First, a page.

In dealing with our indigenous student population, the whole issue of data collection is a bit of an interesting one. In school boards in Ontario, we ask them to self-identify, but we know what self-identification has meant for them historically. We also have to recognize that this is the reality. Having indigenous Canadians identify themselves as who they are is going to take some time, and I think part of the time is for us to actually face the truth of the history of our relationship with them.
I know that many boards are afraid of collecting so-called race-based data—I call it demographic data—but boards are now moving to that. In fact, the Government of Ontario is requiring school boards to collect demographic data. We are one board that's in the process of collecting such data. We had started down that path, but unfortunately that was somewhat held in abeyance for a while.
We need to know how we are doing. We need to know how identifiable groups of students are doing. I know folks like to say that all students are the same, but we know that the benefits the students are getting from the education system are not the same. Until we can actually say that, it doesn't make sense for us to say that all students are the same.
I always find it interesting, for example, when we talk about the data of religious freedom and so on, and I consider Don a good friend because I was his daughter's principal.
Does freedom, for example, exclude LGBTQ folks from the kinds of services that we know they are legally entitled to as Canadians? What does that actually mean? I would just worry and hope that this is not the path we're heading down.
To summarize, I think data is the way to go. We need as much data as possible, data that's disaggregated and that we can look to in order to determine how we are doing, what kinds of services we need to offer, where our resources need to be allocated, and so on.
Yes, our board did go through a very tumultuous time. We had 21 directions from the Ministry of Education including, for example, the establishment of a human rights office, which we've done. We do extensive training in human rights and in equity, in terms of the establishment of an integrity commissioner and so on, and there is now a clearer policy around managing incidents, such as what happened with the Islamophobic post by the particular principal.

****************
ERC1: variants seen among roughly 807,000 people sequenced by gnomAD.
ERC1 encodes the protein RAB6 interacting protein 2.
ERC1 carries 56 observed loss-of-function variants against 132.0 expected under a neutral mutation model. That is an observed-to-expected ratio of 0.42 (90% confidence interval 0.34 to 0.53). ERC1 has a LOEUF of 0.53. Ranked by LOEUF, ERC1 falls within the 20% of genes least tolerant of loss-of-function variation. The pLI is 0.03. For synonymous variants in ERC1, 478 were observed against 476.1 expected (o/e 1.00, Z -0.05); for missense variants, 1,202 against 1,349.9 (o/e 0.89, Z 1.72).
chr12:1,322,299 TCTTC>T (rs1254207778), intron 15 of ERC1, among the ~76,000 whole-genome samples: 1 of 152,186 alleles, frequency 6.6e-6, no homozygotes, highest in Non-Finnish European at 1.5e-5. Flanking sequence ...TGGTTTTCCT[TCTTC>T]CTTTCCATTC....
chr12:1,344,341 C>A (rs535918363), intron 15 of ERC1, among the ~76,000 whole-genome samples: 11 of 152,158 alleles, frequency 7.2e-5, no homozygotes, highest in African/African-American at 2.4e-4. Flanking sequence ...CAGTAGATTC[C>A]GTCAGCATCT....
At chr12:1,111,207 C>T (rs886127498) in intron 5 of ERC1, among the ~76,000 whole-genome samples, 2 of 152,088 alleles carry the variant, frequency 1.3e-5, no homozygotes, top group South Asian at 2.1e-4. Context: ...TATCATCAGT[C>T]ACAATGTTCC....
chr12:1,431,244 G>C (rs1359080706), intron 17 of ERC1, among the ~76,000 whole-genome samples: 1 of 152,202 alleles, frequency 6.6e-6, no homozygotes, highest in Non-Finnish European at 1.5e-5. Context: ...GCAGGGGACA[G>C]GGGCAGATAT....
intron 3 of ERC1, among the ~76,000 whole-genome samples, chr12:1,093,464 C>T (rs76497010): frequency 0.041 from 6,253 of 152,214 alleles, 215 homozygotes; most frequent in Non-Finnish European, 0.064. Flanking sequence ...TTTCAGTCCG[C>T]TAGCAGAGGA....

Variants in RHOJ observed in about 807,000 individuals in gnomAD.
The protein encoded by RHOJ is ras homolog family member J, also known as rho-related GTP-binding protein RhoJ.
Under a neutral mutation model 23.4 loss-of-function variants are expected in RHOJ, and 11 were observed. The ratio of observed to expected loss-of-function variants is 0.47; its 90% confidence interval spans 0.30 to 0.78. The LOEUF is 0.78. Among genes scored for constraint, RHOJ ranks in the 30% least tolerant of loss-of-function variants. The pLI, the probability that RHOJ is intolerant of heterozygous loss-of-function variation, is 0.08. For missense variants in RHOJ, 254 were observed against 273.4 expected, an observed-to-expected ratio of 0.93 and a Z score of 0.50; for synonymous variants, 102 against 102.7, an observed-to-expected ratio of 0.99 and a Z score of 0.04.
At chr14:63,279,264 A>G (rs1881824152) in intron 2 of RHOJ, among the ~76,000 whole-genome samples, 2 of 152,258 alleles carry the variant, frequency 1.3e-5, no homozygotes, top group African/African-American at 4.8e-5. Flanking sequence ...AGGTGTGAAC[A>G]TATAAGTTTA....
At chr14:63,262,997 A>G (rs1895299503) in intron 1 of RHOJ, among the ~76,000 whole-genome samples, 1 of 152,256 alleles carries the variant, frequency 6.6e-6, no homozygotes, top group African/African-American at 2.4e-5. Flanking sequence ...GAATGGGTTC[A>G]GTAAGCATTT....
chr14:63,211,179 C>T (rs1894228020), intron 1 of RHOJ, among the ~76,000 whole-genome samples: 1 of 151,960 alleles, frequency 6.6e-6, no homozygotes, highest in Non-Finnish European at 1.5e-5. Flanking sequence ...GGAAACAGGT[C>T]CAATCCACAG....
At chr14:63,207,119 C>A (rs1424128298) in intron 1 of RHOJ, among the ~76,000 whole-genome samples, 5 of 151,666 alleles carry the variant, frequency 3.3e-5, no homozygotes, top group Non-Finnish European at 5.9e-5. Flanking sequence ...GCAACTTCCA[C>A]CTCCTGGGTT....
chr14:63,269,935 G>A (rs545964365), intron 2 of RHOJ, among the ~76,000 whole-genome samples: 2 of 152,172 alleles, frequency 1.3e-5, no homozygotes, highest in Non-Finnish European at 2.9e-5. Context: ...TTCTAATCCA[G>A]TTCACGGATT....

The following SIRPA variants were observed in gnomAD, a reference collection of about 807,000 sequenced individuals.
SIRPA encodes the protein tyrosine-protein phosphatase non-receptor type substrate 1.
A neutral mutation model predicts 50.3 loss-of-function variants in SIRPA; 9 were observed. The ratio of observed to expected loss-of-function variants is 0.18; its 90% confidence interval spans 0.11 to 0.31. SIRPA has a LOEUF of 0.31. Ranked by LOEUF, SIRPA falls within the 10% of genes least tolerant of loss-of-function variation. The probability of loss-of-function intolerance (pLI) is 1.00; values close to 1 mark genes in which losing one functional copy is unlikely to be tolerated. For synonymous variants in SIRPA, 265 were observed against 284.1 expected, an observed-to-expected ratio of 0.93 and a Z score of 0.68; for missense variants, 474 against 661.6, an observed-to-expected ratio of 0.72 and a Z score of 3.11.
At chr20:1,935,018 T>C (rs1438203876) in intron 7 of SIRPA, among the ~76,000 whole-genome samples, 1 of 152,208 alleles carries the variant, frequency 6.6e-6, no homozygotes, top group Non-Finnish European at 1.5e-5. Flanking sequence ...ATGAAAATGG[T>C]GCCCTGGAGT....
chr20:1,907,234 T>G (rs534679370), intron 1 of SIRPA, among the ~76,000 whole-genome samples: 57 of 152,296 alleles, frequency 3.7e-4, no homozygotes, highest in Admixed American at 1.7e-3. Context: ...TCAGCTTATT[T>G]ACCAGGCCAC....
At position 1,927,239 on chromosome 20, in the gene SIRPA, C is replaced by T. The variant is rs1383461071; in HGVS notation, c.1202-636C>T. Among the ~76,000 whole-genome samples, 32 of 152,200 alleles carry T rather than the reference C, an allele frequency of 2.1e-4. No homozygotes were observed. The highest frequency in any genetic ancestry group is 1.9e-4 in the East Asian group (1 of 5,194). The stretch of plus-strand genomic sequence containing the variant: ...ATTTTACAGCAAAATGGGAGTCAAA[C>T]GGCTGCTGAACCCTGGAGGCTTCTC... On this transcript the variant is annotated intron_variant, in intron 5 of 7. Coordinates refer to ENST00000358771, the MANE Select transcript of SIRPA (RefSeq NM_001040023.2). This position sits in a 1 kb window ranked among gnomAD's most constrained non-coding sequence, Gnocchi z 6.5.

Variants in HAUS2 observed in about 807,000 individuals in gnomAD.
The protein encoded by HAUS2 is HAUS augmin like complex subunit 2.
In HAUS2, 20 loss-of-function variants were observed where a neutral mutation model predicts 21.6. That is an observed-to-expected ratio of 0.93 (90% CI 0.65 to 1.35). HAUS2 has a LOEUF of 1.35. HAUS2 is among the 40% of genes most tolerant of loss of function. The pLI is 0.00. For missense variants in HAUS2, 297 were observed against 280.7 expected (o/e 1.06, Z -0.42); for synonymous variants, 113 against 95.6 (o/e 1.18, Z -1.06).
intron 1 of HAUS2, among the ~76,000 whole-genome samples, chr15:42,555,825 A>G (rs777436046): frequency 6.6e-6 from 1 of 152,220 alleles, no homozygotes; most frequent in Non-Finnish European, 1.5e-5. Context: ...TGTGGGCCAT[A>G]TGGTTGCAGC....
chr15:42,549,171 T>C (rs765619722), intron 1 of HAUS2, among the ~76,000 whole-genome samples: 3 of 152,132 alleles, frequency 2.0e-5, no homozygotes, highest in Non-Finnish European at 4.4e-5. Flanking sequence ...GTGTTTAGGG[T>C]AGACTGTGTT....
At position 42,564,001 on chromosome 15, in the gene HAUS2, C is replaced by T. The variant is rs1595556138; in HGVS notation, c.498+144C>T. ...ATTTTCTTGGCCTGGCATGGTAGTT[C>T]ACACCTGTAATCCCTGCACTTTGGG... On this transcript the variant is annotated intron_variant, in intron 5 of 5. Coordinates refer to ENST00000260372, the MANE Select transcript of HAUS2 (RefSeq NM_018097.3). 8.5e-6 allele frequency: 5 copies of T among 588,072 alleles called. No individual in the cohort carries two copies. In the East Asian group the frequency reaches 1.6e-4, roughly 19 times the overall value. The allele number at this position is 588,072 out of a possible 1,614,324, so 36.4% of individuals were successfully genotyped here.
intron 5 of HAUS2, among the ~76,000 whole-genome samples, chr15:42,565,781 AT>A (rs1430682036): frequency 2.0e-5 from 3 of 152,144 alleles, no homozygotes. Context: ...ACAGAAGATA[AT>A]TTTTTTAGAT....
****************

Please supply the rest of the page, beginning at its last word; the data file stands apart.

I have extensive connections throughout the boards in the province, and I think we are all learning from this and have grown from this. The recommendations were, I think, well received, and they outline the kind of work that most boards should be doing anyway, whether it's data collection, or managing complaints of discrimination, or dealing with human rights complaints, or the kind of training that all school leaders, system leaders, and teachers need to undergo, in order to manage a board as diverse as our board.
In the school district, since 2012, we're a growing board, but all of our growth comes from immigration. Last year, through our reception centre, we had 3,000 new students enter and that's the only source of growth. We know in some of our regions, such as East Gwillimbury, which is a small community northeast of us, it was 24,000 and it will be 81,000 by 2025, and we know that all that growth is coming from immigration. Speaking with the mayor, she'll tell you the next place of worship to be built will not be a church.
Clearly, we are at the cusp of change. I think it will be a massive change throughout the country, and the census has told us this. The question is how we work as a nation to create the kind of welcoming communities where families like my family can grow and thrive and benefit from the wonderful opportunities this country has to offer. I believe that we need to do that by ensuring that all of our students, regardless of their social identities, are treated fairly, that they're respected, and that they're welcomed.
Yesterday we had a conference for our LGBTQ students, and we had over 300 students and their allies attend to look at the kinds of strategies we need to put in place to make sure that our schools are places where they feel safe, where they feel included, and where they feel respected.